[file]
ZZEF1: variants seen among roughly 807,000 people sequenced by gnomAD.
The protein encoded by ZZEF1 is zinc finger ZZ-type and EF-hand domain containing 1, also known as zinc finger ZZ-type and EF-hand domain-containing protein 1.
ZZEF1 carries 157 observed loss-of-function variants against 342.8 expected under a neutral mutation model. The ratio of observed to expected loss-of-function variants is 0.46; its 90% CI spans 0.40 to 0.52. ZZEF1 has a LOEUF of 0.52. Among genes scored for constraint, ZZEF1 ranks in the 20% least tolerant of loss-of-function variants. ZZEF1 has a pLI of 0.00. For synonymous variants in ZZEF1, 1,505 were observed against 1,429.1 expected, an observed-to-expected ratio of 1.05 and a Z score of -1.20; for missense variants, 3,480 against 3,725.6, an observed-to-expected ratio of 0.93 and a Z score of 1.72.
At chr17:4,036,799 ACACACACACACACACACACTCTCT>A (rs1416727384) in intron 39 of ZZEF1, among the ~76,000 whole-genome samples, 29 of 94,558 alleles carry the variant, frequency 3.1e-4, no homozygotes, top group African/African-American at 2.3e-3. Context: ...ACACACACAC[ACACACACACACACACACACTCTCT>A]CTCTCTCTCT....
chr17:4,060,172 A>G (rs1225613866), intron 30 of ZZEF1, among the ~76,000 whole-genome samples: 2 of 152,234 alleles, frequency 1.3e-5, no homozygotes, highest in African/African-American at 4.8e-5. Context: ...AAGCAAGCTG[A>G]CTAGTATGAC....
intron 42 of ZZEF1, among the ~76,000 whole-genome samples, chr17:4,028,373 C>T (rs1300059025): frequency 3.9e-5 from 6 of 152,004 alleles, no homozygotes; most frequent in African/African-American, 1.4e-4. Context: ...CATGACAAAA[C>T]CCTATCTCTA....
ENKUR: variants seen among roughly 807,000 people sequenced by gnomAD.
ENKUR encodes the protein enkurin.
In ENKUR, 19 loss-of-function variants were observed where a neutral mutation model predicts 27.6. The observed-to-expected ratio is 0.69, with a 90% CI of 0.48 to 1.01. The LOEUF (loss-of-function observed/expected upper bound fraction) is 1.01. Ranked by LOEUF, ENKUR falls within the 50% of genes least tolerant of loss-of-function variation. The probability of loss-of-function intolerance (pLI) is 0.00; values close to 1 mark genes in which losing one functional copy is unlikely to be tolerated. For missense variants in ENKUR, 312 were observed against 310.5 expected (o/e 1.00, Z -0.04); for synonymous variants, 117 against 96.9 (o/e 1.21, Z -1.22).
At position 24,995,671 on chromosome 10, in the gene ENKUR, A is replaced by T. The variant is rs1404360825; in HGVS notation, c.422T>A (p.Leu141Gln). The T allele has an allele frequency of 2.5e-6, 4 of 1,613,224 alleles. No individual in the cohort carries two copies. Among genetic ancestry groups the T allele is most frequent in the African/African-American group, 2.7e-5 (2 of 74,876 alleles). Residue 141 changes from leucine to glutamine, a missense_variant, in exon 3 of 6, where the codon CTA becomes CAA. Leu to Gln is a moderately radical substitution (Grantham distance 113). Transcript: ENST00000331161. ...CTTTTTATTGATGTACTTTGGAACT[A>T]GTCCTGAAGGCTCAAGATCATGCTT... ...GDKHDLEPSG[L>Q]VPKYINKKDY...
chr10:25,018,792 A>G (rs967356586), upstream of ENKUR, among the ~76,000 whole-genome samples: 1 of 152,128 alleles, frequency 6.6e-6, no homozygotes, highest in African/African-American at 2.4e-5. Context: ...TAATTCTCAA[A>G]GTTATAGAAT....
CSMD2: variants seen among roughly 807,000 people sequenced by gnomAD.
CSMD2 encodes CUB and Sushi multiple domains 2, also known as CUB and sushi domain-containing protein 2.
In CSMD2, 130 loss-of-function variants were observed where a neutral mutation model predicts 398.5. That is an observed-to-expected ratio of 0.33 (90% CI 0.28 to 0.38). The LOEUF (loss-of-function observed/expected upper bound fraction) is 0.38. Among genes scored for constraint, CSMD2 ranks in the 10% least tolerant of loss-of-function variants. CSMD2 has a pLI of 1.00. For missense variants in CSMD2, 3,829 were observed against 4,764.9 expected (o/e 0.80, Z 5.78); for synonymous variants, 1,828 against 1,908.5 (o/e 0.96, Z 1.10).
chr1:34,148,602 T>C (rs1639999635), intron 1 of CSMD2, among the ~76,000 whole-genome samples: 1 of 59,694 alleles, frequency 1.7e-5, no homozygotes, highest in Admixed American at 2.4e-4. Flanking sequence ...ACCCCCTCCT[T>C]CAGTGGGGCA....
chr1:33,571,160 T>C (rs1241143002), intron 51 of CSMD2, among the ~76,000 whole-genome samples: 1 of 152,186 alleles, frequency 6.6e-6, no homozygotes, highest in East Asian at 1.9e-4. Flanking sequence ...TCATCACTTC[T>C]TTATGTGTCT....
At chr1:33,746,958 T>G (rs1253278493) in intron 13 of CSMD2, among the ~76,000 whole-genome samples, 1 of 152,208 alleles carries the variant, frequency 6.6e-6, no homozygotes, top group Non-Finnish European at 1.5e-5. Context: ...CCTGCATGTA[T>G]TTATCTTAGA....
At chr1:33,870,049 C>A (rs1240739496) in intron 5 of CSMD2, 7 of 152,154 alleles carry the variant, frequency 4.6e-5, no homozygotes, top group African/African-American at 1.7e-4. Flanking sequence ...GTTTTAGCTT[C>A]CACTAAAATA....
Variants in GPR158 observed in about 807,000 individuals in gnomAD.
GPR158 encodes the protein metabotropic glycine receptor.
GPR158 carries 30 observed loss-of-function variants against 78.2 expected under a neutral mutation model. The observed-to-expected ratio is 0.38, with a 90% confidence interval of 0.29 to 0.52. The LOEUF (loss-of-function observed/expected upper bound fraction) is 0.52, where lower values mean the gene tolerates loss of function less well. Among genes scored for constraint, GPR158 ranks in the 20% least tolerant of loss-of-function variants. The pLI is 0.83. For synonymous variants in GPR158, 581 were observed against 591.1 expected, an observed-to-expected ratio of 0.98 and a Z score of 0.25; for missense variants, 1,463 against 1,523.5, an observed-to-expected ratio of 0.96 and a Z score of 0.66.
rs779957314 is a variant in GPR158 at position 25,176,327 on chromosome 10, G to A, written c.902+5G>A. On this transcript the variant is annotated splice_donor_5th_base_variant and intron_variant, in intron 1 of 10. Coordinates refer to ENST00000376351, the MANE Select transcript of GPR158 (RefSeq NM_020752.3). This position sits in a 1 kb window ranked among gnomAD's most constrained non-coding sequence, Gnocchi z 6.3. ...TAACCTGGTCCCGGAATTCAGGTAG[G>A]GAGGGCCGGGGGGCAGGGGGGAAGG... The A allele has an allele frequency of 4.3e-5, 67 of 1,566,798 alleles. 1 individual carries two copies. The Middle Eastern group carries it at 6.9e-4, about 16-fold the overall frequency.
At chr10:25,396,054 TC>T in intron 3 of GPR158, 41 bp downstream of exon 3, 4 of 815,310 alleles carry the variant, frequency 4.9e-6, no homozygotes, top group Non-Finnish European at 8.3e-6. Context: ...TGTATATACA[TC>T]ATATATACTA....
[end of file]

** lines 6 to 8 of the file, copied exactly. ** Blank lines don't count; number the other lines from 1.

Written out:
intron 42 of ZZEF1, among the ~76,000 whole-genome samples, chr17:4,028,373 C>T (rs1300059025): frequency 3.9e-5 from 6 of 152,004 alleles, no homozygotes; most frequent in African/African-American, 1.4e-4. Context: ...CATGACAAAA[C>T]CCTATCTCTA....
ENKUR: variants seen among roughly 807,000 people sequenced by gnomAD.
ENKUR encodes the protein enkurin.